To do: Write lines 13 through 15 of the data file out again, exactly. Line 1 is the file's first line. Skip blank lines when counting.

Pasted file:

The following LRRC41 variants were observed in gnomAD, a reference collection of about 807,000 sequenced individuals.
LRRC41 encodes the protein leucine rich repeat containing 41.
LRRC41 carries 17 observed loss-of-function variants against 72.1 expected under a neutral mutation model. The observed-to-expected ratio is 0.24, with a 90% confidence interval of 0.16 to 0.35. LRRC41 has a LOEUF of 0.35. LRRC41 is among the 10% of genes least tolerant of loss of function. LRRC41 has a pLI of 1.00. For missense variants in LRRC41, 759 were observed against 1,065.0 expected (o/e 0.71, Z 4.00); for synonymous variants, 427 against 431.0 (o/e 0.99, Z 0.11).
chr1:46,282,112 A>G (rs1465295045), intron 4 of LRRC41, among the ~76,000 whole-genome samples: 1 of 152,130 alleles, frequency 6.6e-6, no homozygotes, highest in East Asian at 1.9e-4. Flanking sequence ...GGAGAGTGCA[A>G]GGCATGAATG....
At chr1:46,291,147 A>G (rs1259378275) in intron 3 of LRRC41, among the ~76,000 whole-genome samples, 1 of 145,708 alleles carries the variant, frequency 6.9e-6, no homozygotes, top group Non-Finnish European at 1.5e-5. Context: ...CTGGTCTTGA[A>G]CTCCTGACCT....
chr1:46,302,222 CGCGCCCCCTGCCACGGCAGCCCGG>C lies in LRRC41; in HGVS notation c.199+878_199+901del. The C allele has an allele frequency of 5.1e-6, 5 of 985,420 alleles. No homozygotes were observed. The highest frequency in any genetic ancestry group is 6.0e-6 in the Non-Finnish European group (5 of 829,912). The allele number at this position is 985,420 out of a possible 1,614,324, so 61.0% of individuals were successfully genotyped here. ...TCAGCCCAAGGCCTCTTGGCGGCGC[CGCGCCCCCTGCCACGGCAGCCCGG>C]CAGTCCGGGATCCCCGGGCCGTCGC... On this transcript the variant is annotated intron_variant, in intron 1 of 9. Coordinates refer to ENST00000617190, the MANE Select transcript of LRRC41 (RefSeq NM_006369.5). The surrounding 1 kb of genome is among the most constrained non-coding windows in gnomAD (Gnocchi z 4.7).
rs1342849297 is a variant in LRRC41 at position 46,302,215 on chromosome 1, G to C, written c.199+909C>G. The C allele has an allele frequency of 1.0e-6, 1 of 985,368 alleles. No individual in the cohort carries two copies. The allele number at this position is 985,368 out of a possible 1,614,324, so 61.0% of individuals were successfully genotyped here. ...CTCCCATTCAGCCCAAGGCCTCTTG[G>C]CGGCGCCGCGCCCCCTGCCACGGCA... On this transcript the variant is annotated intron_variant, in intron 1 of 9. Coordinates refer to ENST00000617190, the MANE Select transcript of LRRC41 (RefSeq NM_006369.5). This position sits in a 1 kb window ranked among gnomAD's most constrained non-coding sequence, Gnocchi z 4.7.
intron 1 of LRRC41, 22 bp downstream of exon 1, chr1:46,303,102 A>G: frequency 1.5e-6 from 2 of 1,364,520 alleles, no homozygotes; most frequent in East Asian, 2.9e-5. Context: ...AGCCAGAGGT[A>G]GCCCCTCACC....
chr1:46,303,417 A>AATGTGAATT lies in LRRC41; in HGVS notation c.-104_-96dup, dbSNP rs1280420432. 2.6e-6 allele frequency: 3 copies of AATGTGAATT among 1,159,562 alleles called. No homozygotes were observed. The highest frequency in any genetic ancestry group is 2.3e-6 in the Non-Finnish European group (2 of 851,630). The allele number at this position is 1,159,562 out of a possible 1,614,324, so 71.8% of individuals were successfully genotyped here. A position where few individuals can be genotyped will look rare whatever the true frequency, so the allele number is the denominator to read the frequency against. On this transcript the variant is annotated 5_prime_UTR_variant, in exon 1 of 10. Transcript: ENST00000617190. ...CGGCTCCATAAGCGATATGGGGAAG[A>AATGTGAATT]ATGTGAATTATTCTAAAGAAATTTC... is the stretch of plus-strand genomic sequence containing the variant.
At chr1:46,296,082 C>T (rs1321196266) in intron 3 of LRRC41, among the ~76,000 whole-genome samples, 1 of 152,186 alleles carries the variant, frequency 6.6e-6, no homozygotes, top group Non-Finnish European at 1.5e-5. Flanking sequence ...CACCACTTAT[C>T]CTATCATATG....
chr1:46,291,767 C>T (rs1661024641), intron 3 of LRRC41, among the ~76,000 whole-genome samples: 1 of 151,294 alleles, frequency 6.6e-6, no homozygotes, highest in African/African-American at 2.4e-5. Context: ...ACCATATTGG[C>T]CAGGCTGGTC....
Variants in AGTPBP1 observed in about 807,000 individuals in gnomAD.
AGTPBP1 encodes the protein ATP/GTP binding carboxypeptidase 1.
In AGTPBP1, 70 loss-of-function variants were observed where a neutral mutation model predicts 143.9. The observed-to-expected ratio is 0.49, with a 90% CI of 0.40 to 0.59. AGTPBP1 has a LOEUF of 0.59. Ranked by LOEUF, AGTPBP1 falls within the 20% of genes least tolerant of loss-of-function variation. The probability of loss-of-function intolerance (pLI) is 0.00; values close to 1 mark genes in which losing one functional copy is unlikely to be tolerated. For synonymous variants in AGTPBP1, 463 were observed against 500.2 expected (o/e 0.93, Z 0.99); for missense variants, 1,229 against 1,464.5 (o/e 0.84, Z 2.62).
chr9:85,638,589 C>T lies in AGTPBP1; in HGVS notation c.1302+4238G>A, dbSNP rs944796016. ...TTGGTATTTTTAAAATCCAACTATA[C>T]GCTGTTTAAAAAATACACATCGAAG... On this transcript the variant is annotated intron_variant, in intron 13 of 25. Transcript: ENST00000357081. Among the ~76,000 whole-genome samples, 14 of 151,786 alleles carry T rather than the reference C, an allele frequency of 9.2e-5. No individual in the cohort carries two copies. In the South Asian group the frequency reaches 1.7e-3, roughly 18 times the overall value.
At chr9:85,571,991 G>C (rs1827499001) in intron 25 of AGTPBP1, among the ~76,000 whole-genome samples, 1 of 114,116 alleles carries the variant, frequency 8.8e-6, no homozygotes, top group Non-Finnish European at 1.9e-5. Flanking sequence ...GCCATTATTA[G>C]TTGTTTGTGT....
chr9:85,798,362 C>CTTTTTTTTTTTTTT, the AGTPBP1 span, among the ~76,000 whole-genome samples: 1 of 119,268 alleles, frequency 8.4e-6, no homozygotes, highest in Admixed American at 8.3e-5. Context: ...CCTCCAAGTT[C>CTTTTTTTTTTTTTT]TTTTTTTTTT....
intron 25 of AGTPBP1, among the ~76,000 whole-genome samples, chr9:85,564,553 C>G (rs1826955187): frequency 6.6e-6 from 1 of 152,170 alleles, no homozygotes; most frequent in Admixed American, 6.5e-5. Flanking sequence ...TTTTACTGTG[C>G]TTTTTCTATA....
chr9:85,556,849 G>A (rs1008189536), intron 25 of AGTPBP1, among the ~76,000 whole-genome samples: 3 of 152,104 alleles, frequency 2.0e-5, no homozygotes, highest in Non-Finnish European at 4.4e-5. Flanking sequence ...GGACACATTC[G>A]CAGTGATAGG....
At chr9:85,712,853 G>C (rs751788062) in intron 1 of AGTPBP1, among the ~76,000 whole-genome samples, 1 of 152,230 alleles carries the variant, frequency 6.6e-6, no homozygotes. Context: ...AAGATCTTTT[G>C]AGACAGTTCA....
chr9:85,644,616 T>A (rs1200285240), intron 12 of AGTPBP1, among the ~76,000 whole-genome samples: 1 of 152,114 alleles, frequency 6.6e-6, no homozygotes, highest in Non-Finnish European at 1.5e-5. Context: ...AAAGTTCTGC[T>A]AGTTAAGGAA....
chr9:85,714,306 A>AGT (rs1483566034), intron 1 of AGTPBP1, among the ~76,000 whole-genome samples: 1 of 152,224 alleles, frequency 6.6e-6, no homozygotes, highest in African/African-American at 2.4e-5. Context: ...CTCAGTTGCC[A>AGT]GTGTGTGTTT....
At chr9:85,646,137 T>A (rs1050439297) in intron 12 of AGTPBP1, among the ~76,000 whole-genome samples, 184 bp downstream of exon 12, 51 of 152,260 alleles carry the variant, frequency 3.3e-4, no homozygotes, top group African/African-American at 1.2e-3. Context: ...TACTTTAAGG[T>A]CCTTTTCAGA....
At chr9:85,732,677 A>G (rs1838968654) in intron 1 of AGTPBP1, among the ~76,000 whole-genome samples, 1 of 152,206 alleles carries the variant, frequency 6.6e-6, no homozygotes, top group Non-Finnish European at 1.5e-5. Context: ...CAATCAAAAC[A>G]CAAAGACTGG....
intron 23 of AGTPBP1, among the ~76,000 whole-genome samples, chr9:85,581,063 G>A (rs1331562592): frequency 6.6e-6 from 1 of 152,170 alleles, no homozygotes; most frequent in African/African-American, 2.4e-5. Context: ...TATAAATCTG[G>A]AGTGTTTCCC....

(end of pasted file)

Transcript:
AGTPBP1 encodes the protein ATP/GTP binding carboxypeptidase 1.
In AGTPBP1, 70 loss-of-function variants were observed where a neutral mutation model predicts 143.9. The observed-to-expected ratio is 0.49, with a 90% CI of 0.40 to 0.59. AGTPBP1 has a LOEUF of 0.59. Ranked by LOEUF, AGTPBP1 falls within the 20% of genes least tolerant of loss-of-function variation. The probability of loss-of-function intolerance (pLI) is 0.00; values close to 1 mark genes in which losing one functional copy is unlikely to be tolerated. For synonymous variants in AGTPBP1, 463 were observed against 500.2 expected (o/e 0.93, Z 0.99); for missense variants, 1,229 against 1,464.5 (o/e 0.84, Z 2.62).
chr9:85,638,589 C>T lies in AGTPBP1; in HGVS notation c.1302+4238G>A, dbSNP rs944796016. ...TTGGTATTTTTAAAATCCAACTATA[C>T]GCTGTTTAAAAAATACACATCGAAG... On this transcript the variant is annotated intron_variant, in intron 13 of 25. Transcript: ENST00000357081. Among the ~76,000 whole-genome samples, 14 of 151,786 alleles carry T rather than the reference C, an allele frequency of 9.2e-5. No individual in the cohort carries two copies. In the South Asian group the frequency reaches 1.7e-3, roughly 18 times the overall value.